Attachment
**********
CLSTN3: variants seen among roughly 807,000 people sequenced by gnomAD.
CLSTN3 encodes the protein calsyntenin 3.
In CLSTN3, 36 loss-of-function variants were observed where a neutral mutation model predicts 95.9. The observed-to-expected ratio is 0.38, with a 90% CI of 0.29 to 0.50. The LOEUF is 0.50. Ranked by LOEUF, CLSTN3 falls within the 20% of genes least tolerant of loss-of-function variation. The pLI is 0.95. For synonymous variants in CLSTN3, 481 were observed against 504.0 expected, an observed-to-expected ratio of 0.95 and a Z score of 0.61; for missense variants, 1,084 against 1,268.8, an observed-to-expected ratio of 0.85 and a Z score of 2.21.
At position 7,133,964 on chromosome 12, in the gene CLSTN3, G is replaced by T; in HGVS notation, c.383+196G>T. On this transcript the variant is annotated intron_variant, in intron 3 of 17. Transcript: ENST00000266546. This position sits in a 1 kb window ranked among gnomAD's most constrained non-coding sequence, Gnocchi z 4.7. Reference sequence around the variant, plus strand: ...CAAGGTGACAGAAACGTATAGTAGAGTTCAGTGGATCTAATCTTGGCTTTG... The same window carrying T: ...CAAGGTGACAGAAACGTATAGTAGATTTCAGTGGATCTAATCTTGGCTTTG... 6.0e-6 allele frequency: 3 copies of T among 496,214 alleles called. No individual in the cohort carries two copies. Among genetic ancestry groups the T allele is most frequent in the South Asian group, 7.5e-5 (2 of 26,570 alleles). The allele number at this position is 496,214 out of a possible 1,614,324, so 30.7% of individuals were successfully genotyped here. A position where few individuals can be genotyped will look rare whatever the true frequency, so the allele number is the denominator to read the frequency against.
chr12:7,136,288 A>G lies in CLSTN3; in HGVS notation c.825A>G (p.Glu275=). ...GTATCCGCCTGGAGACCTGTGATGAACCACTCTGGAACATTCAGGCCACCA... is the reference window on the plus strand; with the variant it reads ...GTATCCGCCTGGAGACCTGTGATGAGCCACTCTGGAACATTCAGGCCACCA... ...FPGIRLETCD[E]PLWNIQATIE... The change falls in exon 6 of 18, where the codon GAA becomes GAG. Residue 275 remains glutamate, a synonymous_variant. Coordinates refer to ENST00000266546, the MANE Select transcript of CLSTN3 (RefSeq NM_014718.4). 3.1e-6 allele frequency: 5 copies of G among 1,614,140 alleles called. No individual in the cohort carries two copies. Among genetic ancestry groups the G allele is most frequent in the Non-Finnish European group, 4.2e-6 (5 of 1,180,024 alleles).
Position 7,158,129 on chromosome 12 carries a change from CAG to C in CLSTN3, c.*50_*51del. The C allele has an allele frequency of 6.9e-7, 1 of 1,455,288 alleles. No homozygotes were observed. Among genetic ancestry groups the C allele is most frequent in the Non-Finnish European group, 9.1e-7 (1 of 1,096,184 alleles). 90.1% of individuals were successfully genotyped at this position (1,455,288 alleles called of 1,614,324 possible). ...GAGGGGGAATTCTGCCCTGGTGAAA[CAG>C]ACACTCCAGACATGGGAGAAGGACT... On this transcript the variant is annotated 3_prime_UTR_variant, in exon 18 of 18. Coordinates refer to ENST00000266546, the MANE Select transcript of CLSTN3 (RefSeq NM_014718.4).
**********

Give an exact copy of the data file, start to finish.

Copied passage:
CLSTN3: variants seen among roughly 807,000 people sequenced by gnomAD.
CLSTN3 encodes the protein calsyntenin 3.
In CLSTN3, 36 loss-of-function variants were observed where a neutral mutation model predicts 95.9. The observed-to-expected ratio is 0.38, with a 90% CI of 0.29 to 0.50. The LOEUF is 0.50. Ranked by LOEUF, CLSTN3 falls within the 20% of genes least tolerant of loss-of-function variation. The pLI is 0.95. For synonymous variants in CLSTN3, 481 were observed against 504.0 expected, an observed-to-expected ratio of 0.95 and a Z score of 0.61; for missense variants, 1,084 against 1,268.8, an observed-to-expected ratio of 0.85 and a Z score of 2.21.
At position 7,133,964 on chromosome 12, in the gene CLSTN3, G is replaced by T; in HGVS notation, c.383+196G>T. On this transcript the variant is annotated intron_variant, in intron 3 of 17. Transcript: ENST00000266546. This position sits in a 1 kb window ranked among gnomAD's most constrained non-coding sequence, Gnocchi z 4.7. Reference sequence around the variant, plus strand: ...CAAGGTGACAGAAACGTATAGTAGAGTTCAGTGGATCTAATCTTGGCTTTG... The same window carrying T: ...CAAGGTGACAGAAACGTATAGTAGATTTCAGTGGATCTAATCTTGGCTTTG... 6.0e-6 allele frequency: 3 copies of T among 496,214 alleles called. No individual in the cohort carries two copies. Among genetic ancestry groups the T allele is most frequent in the South Asian group, 7.5e-5 (2 of 26,570 alleles). The allele number at this position is 496,214 out of a possible 1,614,324, so 30.7% of individuals were successfully genotyped here. A position where few individuals can be genotyped will look rare whatever the true frequency, so the allele number is the denominator to read the frequency against.
chr12:7,136,288 A>G lies in CLSTN3; in HGVS notation c.825A>G (p.Glu275=). ...GTATCCGCCTGGAGACCTGTGATGAACCACTCTGGAACATTCAGGCCACCA... is the reference window on the plus strand; with the variant it reads ...GTATCCGCCTGGAGACCTGTGATGAGCCACTCTGGAACATTCAGGCCACCA... ...FPGIRLETCD[E]PLWNIQATIE... The change falls in exon 6 of 18, where the codon GAA becomes GAG. Residue 275 remains glutamate, a synonymous_variant. Coordinates refer to ENST00000266546, the MANE Select transcript of CLSTN3 (RefSeq NM_014718.4). 3.1e-6 allele frequency: 5 copies of G among 1,614,140 alleles called. No individual in the cohort carries two copies. Among genetic ancestry groups the G allele is most frequent in the Non-Finnish European group, 4.2e-6 (5 of 1,180,024 alleles).
Position 7,158,129 on chromosome 12 carries a change from CAG to C in CLSTN3, c.*50_*51del. The C allele has an allele frequency of 6.9e-7, 1 of 1,455,288 alleles. No homozygotes were observed. Among genetic ancestry groups the C allele is most frequent in the Non-Finnish European group, 9.1e-7 (1 of 1,096,184 alleles). 90.1% of individuals were successfully genotyped at this position (1,455,288 alleles called of 1,614,324 possible). ...GAGGGGGAATTCTGCCCTGGTGAAA[CAG>C]ACACTCCAGACATGGGAGAAGGACT... On this transcript the variant is annotated 3_prime_UTR_variant, in exon 18 of 18. Coordinates refer to ENST00000266546, the MANE Select transcript of CLSTN3 (RefSeq NM_014718.4).